That voltage is applied to the inverting input of A1 which amplifies and inverts the signal, producing a positive-going output at pin 1. The next stage after the op. amp. A1 is a voltage controlled oscillator (VCO). The oscillation frequency of VCO is controlled by the output voltage of the operational amplifier A1. The operational amplifiers A2, A4, along with the resistors R11, R13, R14, R16, R17, R18, R19, R20, R21, R23, the capacitor C9 and the transistor TR2 are arranged to form a voltage-controlled oscillator (VCO) that operates out of the audio-frequency range. As the output of A1 increases, the frequency of the VCO increases. The VCO output, at pin 8 of the operational amplifier A4, is fed to the input of A3, which is configured as a non-inverting unity gain (buffer) amplifier. The output of A3 is used to drive the transistor TR3, which, in turn, drives the output speaker

 

Construction

Before you start the construction of the circuit you must follow the basic instructions. Place and solder the socket of the IC1. Then install the passive components (resistors, capacitors) on the board checking for the right placement and orientation. After this, install the semiconductors (diode, transistors, IC). You ought to be very careful in order to avoid the overheating of the ICs diodes and transistors terminals. Place the IC1 on its base, checking for the right orientation. Use a 25W iron solder without using soldering flux. When you have finished the structure of the circuit, check your work for the common construction errors (misoriented components, solder bridges, misplaced components), particularly where the transistors and diode are concerned.

Check if there are any dry joints. A proper joint is spread all over the pad and is shiny. A dry one is dull, bulky and has the shape of the ball. If everything is correct, clean the printed circuit board using a proper spray.  Finally, install the board in a metal box connecting its chassis to the ground of the circuit (point 5). Connect the speaker to the points 2 and 3, and the antenna to the point 1 (see figure 1). Use a 9V battery to supply the circuit. The clip of the battery is connected to the points 4 and 5. The red wire of the clip (positive/+) is connected to point 4, while the black one (negative/-) to point 5.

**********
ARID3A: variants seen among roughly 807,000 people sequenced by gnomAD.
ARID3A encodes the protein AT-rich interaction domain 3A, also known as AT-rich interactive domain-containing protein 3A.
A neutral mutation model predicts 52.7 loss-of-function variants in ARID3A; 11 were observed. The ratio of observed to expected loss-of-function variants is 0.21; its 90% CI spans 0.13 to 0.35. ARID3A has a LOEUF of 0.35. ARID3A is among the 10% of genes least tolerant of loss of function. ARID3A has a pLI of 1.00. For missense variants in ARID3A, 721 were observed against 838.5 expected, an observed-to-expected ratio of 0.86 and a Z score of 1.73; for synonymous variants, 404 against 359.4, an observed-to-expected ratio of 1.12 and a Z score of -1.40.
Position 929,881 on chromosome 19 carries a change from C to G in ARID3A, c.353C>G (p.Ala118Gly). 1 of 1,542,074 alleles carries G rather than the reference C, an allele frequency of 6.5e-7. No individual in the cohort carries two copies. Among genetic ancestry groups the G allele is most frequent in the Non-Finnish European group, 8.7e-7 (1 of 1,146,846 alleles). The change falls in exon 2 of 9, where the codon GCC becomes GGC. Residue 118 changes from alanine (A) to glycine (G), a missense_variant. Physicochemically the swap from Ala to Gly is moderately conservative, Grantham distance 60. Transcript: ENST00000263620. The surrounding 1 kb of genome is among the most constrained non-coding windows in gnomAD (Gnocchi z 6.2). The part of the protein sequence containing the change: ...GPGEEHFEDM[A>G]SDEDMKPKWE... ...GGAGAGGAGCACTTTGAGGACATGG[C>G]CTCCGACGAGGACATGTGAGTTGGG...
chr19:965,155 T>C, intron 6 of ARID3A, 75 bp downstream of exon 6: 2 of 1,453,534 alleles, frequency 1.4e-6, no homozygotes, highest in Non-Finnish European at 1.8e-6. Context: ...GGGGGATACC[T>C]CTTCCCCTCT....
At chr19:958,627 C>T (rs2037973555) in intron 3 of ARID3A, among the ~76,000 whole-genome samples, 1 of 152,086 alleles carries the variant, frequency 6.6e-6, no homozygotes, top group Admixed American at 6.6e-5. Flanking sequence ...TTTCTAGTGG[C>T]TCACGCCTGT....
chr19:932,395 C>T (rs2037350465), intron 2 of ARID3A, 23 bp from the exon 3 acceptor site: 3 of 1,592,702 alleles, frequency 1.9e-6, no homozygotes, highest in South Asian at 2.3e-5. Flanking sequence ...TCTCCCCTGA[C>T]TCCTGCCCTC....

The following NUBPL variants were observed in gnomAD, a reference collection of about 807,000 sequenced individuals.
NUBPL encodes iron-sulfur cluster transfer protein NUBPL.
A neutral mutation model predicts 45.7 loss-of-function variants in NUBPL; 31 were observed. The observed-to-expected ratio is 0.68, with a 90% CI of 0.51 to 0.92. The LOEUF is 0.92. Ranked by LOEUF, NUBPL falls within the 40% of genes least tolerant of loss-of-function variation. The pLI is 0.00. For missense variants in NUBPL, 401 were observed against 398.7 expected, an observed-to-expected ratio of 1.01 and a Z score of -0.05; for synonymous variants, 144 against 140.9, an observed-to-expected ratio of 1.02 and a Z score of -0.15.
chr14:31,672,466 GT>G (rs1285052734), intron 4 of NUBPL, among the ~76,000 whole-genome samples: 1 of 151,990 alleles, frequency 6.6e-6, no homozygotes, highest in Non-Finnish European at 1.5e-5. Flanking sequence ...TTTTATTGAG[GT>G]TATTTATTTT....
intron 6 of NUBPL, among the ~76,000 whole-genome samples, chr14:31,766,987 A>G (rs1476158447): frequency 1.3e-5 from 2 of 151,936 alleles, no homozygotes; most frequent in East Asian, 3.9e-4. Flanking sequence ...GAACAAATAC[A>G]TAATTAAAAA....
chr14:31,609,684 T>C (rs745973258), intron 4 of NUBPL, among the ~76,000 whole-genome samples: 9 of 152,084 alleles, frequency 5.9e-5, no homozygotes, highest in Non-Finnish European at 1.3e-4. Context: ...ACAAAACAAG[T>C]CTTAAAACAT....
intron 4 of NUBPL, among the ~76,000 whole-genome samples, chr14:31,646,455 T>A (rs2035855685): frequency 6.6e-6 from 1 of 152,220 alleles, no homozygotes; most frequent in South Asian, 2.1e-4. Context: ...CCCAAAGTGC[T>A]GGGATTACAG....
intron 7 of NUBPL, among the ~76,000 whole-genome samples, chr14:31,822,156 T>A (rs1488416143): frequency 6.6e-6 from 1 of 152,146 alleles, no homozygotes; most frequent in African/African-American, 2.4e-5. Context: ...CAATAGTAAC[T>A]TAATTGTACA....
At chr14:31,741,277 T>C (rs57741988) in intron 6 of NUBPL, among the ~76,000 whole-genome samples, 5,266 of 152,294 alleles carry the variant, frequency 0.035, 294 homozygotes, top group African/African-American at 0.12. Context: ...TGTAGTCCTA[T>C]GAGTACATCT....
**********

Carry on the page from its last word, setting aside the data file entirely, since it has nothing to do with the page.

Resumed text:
Afterwards, stand in the middle of the room you want to check. Adjust the potentiometer in order the sound coming from the loudspeaker LS to be slightly audible. You must do this in order the external electromagnetic fields to be ignored. Begin the detection of an RF signal in the room. The loudspeaker will start to sound, when a signal in the frequency range (1 - 1000MHz) will be detected.

 

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Parts List

Resistors : Capacitors :
R1   =  39 K C1  = 10nF ceramic
R2   =  470 C2  =  4,7 F/16V electrolytic
R3   =  22 C3  =  10nF ceramic
R4   =  100 C4  =  1nF ceramic
R5   =  560 C5  =  10nF ceramic
R6   =  1 M C6  =  10nF ceramic
R7   =  220 C7  =  10nF ceramic
R8   = 100 K C8  =  10nF ceramic
R9   =  4,7 K C9  =   4,7nF ceramic
R10 =  1,5 K C10 =  10 F/16V electrolytic
R11 =  10 K Chip :
R12 =  220 IC1 =  C3403P Motorola
R13 =  10 K Transistors :
R14 =  100 K TR1 =  BFR 90A
R15 =  470 TR2 =  2N2222
R16 =  47 K TR3 =  2N2222
R17 =  47 K Diode :
R18 =  1 K D1 = NTE 112
R19 =  10 K Potesiometer :
R20 =  100 K P1 = 4,7K Linear o
R21 =  47 K Other :
R22 =  10 K NT = telescopic antenna. Radio type.
R23 =  47 K LS = Loundspeaker 8